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Stripper Anthropology: A Rough Guide to the Women You’ll Meet at the Club

Stripper Anthropology: A Rough Guide to the Women You’ll Meet at the Club: Hair and Makeup by Emma Parkes

Hair and Makeup by Emma Parkes

Welcome to The Tasteful Nude, in which stripper, comedian and writer Kasey Koop gives us a point-blank look at life onstage and backstage in L.A.’s strip club scene. Check back every Thursday afternoon for more.

In the clubs of exotic dance exist all varieties of bad bitch, each with her own endgame. People think of strippers as cheap archetypes: the whore-with-a-heart-of-gold, the college-kid-twerking-her-way-through-school, the strung-out-sad-girl. Not that these women don’t exist or there’s anything wrong with them (hell, I’ve been one or two of them at times), but there are many other flavors. Mainsteam media doesn’t depict the happy sluts, the college-graduates-struggling-in-this-economy, the entrepreneurial-ass-hoes. And despite how badly movies want to convince you that strippers are a monolithic bunch of sad sacks, picking up the pieces of our lives, we aren’t; we’re mostly picking up singles. Every dancer is in the industry for myriad reasons, and none of us is confined to a single category.

That said, here are four of the main stripper stages and classifications that some or all of us pass through at one time or another.


BABY STRIPPERS
Every stripper starts as a baby stripper. Birthed into the underworld excited and confused, the novice stripper puffs out her chest to hide her nervously racing heart. Not every newbie is young, but a good portion start fresh off the party bus. “She barely looks legal,” drooled one guy over a 21-year-old who ran around the club in HUF socks—the dark mark of 90’s babies. “To be young again,” I sighed, in my 27-year-old body with graying pubes and laugh lines forged over decades of fake-laughing at dudes’ jokes. (OK, 27 isn’t old, but it’s a rough transition from mosh pits to preventative Botox.) Baby strippers are magnets for gross men since they haven’t yet learned how to establish boundaries and will put up with being talked at for much longer than more-experienced girls. Not to mention how infectious their excitable naivety is to customers, like a disease.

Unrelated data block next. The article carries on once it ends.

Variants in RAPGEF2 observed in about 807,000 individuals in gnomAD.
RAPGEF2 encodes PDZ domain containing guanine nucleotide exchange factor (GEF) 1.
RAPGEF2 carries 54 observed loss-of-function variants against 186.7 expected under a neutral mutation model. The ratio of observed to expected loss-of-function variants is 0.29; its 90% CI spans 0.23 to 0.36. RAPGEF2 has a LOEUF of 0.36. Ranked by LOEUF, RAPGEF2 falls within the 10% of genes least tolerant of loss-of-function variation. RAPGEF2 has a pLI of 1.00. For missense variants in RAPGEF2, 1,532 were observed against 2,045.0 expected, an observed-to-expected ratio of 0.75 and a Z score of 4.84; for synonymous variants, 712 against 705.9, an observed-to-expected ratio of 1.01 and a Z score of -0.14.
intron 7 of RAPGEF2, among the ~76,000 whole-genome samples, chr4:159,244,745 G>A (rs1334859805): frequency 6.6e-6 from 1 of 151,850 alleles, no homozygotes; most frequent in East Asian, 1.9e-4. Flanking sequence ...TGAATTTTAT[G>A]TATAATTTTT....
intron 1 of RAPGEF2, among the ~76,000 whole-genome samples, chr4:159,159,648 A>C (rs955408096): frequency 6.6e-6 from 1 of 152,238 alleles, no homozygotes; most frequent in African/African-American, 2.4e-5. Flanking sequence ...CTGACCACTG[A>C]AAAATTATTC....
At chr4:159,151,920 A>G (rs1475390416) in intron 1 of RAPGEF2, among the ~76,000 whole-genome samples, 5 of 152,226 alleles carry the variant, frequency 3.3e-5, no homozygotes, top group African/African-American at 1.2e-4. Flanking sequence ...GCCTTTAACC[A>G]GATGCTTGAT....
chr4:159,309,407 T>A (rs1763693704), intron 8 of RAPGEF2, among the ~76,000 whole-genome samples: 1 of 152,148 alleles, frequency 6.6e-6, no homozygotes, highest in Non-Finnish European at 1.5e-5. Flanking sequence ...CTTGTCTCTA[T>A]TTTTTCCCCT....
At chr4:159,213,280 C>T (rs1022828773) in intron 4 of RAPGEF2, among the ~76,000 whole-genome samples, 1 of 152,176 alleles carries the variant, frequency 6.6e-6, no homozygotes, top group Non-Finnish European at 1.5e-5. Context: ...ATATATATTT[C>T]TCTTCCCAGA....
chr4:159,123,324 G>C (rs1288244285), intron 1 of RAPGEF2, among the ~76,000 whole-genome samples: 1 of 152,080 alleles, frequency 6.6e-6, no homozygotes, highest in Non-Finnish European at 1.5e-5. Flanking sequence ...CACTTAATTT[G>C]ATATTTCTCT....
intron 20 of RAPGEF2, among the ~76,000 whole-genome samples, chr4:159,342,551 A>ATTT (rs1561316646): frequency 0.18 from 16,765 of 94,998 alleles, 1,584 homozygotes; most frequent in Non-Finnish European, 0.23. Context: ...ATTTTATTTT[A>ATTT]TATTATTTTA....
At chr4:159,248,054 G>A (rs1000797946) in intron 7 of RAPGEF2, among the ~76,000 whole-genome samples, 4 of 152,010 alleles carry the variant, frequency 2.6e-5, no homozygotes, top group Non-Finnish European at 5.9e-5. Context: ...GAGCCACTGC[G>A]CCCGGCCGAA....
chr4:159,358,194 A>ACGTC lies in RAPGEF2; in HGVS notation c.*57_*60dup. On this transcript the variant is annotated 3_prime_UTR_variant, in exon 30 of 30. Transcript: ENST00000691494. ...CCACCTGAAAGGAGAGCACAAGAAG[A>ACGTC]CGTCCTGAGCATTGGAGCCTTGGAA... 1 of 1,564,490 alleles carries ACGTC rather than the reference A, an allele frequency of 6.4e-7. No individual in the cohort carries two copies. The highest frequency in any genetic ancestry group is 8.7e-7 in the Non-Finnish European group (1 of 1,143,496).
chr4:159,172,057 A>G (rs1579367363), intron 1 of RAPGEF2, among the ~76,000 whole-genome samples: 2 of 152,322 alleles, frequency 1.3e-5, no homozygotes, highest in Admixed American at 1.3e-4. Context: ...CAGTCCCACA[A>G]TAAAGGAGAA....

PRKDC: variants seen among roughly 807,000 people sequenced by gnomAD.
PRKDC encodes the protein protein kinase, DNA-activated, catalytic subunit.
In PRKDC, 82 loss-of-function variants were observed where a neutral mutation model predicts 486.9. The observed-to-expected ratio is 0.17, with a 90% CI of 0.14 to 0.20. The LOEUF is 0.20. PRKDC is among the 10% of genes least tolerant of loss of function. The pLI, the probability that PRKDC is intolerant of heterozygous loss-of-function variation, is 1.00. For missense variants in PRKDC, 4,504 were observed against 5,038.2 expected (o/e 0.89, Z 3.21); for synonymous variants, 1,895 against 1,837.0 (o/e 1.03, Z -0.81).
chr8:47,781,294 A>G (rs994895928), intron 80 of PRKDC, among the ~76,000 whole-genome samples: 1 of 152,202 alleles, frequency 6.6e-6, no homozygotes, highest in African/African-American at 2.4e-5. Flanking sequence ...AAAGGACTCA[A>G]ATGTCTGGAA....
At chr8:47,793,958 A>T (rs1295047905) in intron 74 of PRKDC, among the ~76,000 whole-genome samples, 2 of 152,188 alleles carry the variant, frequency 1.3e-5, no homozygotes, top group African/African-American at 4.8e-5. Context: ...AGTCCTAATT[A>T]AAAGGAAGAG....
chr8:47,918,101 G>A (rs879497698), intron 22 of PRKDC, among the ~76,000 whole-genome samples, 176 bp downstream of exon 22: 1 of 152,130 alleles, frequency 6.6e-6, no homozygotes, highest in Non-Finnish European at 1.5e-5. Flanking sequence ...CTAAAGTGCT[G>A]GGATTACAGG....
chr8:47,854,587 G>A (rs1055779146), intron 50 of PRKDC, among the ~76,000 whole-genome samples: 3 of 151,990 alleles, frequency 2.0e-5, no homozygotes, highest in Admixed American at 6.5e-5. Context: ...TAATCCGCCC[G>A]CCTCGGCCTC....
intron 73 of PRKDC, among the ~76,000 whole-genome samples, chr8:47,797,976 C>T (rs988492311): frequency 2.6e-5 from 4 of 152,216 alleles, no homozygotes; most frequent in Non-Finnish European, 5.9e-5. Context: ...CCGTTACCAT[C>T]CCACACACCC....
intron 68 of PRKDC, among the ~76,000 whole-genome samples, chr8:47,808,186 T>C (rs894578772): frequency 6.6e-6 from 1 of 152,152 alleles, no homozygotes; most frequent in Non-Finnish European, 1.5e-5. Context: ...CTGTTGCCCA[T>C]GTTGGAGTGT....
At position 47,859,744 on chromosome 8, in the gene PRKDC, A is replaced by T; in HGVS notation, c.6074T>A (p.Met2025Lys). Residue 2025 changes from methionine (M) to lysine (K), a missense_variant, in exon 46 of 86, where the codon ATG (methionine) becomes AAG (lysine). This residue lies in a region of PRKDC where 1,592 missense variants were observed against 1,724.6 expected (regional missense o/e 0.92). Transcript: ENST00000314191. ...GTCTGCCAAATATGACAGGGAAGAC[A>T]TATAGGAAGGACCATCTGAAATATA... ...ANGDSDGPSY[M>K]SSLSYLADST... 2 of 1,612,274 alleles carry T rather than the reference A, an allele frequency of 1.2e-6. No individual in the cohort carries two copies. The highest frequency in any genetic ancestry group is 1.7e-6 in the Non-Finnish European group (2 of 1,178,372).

HUSTLERS
I personally fall into this category. Primarily money-driven, hustlers invest as little capital and effort into their appearance as possible. Our locker room visits are hasty cosmetic touch-ups, and we station ourselves out on the sales floor for maximum visibility. We hustlers—I call us “The Hussies"—entertain healthy competition over who is selling the most lap dances throughout the night. Just as men see us as boobs and butts, we view them as minutes and dollars. When a man enters the club, we confer about his history: Does he buy dances? Drinks for the girls? Is he creepy or handsy? Chances are one of us knows his story and can save the other Hussies wasted time. Conversely, if he is a big spender, we take turns running a train on him.

SOCIAL STRIPPERS
On the opposite end of the spectrum are social strippers. Using work as an excuse to turn up with friends, these ladies embody the party. In my club, they are key in creating a fun and welcoming environment where dudes want to throw cash. Social strippers spend an ample amount of time getting pretty in the locker room, where they sip and smoke to rev up for the night. These women are the after-partiers, forming outside-work bonds with each other that translate to closeness in the club. They aren’t as concerned with hustling dudes out of their every dollar, so they spend more time drinking and forming connections with their regulars, which pays off in other ways. One of my co-workers was recently gifted $7,000 for new tits from a regular client. I like to picture her making it rain on the surgeon.

LIFERS
I can’t tell you the number of times I’ve been asked how long I plan on stripping, with the ripe overtone of: You can’t do this forever! Let alone how often I have been told that my body and face have a shelf life. Lifers, or strippers who are DFL (Down For Life), disprove this idea entirely. Dancers in their 30s and 40s have fans and regulars who appreciate their kind of experienced sexuality that no baby stripper, performing the jerky pole dance routine she learned in class, could emit onstage. Not to mention the fact that there are plenty of fellas who fetishize grown women.

I didn’t go into dancing to be a career stripper, but I wouldn’t mind it. In college, every weekend was an excuse for me to dress up and go dancing, and now I get to do that for a living. People tend to assume stripping is a means to an end, but what if the goal is just being happy and deriving pleasure the way we can? For some of us, an office job is akin to prison. My greatest fear is that, instead of fire and brimstone, hell will be fluorescently lit and beige-cubicled. Lifers exemplify the fearless living everyone should aspire to—and there’s no shame in that.


Find more installments of the Tasteful Nude here.

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